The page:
Rand Paul's Senate campaign has clarified yet again the Kentucky Republican's position on how to stem illegal immigration, this time fully embracing a proposal he once criticized: the construction of a physical fence along the border.
In an email statement to the Huffington Post, Paul's chief spokesman also insisted that Paul does not, as he has stated previously and on his own campaign website, support building an underground electrical fence along the border.
"Let me be clear," said Jesse Benton. "Rand Paul will secure our border by any means needed as our current open border is a threat to national security and economic well being. Dr. Paul supports a virtual electronic fence as one means to accomplish this. He supports this in concert with and in addition to the physical border fence, which is the law of the land."
The comment from Benton adds clarity to an immigration policy platform that has been a bit confusing and certainly provocative. Several weeks ago, the Huffington Post reported that Paul had been championing an underground electrical fence as a way to detect border crossings (law enforcement officials stationed with helicopters at nearby stations would then detain those coming into the country illegally). Senate Republicans copped to having never heard of such an idea. Libertarian immigration experts openly criticized the cost and draconian nature of the proposal.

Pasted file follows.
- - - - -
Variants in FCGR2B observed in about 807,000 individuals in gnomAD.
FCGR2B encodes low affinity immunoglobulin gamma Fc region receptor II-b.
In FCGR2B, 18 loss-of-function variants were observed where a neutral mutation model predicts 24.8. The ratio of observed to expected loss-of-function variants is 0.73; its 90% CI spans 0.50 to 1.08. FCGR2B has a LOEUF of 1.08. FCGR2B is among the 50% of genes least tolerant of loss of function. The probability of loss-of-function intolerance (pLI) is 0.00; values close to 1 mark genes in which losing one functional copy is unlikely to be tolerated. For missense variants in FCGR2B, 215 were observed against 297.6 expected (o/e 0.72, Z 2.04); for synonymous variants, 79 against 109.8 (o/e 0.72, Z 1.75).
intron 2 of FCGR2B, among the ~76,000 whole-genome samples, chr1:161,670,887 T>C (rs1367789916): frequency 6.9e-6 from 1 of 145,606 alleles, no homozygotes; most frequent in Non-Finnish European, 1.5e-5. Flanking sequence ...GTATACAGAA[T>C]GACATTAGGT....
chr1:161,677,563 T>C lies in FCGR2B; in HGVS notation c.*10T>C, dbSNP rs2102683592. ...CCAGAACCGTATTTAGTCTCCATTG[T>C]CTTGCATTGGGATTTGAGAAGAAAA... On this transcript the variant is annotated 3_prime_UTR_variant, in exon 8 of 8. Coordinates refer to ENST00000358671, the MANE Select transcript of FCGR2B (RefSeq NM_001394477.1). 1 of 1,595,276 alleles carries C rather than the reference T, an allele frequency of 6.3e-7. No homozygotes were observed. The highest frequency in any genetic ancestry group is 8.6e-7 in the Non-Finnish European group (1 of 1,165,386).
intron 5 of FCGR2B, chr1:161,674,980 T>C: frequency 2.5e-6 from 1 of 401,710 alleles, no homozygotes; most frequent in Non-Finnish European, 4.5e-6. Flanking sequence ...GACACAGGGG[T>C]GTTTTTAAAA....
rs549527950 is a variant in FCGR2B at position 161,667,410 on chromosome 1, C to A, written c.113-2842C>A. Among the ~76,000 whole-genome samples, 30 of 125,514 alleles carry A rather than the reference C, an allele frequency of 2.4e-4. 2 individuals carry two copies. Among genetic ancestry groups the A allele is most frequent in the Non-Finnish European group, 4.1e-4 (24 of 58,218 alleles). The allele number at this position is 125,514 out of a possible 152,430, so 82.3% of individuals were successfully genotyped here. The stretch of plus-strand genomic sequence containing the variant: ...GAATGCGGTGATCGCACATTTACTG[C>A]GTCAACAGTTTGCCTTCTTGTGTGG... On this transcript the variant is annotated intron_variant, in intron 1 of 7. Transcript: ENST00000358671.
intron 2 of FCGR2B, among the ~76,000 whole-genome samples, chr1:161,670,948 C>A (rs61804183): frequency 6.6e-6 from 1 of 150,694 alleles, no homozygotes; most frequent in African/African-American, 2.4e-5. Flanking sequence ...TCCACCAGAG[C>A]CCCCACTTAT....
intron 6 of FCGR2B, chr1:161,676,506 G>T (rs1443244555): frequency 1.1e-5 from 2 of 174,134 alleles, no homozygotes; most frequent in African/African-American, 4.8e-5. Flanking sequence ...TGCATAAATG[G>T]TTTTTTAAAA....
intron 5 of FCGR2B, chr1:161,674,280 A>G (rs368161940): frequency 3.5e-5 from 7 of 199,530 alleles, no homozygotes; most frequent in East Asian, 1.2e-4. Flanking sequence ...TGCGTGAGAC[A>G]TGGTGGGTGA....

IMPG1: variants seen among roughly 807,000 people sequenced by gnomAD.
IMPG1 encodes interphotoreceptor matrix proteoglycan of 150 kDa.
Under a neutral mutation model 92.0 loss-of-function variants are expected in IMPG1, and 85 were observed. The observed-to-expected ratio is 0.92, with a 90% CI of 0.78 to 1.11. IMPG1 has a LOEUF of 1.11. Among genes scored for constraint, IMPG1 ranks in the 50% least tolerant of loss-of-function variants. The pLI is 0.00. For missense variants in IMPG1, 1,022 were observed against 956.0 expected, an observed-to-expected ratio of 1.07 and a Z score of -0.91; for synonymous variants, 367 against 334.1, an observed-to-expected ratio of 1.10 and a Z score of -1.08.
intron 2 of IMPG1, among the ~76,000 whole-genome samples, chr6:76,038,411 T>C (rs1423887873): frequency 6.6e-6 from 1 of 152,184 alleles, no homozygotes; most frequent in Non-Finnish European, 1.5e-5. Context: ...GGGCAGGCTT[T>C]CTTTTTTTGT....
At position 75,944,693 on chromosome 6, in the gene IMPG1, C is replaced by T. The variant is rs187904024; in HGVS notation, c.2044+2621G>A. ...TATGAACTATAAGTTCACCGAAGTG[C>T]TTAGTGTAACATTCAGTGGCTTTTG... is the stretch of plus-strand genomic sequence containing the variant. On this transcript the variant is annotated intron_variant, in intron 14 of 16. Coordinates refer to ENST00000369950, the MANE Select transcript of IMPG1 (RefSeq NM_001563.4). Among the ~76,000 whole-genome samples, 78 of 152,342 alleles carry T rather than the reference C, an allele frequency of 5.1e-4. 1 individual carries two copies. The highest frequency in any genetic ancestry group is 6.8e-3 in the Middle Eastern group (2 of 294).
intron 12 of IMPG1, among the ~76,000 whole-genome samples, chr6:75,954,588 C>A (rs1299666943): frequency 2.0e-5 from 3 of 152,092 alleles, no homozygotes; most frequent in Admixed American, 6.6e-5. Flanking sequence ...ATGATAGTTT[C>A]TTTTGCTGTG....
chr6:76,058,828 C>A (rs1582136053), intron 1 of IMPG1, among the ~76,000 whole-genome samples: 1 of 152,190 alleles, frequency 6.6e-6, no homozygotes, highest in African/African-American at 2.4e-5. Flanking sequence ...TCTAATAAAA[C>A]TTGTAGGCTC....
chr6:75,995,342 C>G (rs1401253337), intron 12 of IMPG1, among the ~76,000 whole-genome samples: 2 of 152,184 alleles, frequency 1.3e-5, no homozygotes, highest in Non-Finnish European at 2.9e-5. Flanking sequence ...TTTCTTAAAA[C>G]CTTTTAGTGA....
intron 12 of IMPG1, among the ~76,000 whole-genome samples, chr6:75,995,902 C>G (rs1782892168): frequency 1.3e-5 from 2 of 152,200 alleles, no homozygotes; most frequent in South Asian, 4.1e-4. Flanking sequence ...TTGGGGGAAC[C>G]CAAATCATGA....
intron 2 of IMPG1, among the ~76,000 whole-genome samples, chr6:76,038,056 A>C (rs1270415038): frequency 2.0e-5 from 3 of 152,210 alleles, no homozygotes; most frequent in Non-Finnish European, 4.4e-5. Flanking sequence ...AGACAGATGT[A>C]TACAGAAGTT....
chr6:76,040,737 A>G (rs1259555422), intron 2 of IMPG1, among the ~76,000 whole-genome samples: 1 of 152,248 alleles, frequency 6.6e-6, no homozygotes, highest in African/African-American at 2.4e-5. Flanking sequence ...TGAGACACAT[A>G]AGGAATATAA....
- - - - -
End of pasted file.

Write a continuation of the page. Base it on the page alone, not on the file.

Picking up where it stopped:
Since then, Paul's camp has insisted that the underground electrical fence was simply an erroneous item on the campaign website, not something that the Tea Party backed candidate actually supports. But there is clear video evidence of Paul advocating the proposal on the campaign trail. In fact, in the same video in which Paul touts building a fence underground, he also talks disparagingly about the symbolism of building an above-ground structure dividing the United States and Mexico -- the very proposal his campaign is now embracing.
Here is a video segment of Paul on the campaign trail in May 2009:
"I don't like the symbolism of a 15-foot fence going the whole border. It's extraordinarily expensive, and it reminds me of the Berlin Wall which was built to keep people in and from fleeing to the West," Paul said. "I think you could actually put in an electronic fence under the whole border for probably $10 or $15 million, which sounds like a lot to us but that's peanuts. And you could probably have helicopter stations in maybe five different locations, and I think you could have any breach of the border could be stopped at any point and we send them back."
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